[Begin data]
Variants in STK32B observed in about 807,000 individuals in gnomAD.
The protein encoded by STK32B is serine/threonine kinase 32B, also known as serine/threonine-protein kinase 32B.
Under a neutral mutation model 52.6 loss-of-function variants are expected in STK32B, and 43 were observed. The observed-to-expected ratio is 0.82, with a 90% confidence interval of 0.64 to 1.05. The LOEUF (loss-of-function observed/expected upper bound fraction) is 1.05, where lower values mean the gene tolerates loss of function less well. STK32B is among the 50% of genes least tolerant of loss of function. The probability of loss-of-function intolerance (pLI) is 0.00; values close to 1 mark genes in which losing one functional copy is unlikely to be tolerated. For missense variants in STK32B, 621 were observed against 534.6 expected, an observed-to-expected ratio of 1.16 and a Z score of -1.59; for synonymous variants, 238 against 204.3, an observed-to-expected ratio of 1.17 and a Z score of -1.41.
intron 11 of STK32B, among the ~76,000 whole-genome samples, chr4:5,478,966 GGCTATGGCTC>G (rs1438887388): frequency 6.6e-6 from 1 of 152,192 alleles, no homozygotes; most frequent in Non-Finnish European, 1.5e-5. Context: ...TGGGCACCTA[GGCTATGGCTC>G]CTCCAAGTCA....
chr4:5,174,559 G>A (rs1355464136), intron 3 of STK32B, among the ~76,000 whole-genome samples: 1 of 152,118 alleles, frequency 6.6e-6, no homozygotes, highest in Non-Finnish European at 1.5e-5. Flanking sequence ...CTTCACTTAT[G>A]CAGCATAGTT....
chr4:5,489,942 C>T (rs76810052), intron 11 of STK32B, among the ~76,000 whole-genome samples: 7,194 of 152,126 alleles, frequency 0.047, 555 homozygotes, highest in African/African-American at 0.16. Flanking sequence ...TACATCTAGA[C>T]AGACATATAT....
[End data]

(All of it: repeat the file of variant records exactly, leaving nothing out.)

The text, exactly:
Variants in STK32B observed in about 807,000 individuals in gnomAD.
The protein encoded by STK32B is serine/threonine kinase 32B, also known as serine/threonine-protein kinase 32B.
Under a neutral mutation model 52.6 loss-of-function variants are expected in STK32B, and 43 were observed. The observed-to-expected ratio is 0.82, with a 90% confidence interval of 0.64 to 1.05. The LOEUF (loss-of-function observed/expected upper bound fraction) is 1.05, where lower values mean the gene tolerates loss of function less well. STK32B is among the 50% of genes least tolerant of loss of function. The probability of loss-of-function intolerance (pLI) is 0.00; values close to 1 mark genes in which losing one functional copy is unlikely to be tolerated. For missense variants in STK32B, 621 were observed against 534.6 expected, an observed-to-expected ratio of 1.16 and a Z score of -1.59; for synonymous variants, 238 against 204.3, an observed-to-expected ratio of 1.17 and a Z score of -1.41.
intron 11 of STK32B, among the ~76,000 whole-genome samples, chr4:5,478,966 GGCTATGGCTC>G (rs1438887388): frequency 6.6e-6 from 1 of 152,192 alleles, no homozygotes; most frequent in Non-Finnish European, 1.5e-5. Context: ...TGGGCACCTA[GGCTATGGCTC>G]CTCCAAGTCA....
chr4:5,174,559 G>A (rs1355464136), intron 3 of STK32B, among the ~76,000 whole-genome samples: 1 of 152,118 alleles, frequency 6.6e-6, no homozygotes, highest in Non-Finnish European at 1.5e-5. Flanking sequence ...CTTCACTTAT[G>A]CAGCATAGTT....
chr4:5,489,942 C>T (rs76810052), intron 11 of STK32B, among the ~76,000 whole-genome samples: 7,194 of 152,126 alleles, frequency 0.047, 555 homozygotes, highest in African/African-American at 0.16. Flanking sequence ...TACATCTAGA[C>T]AGACATATAT....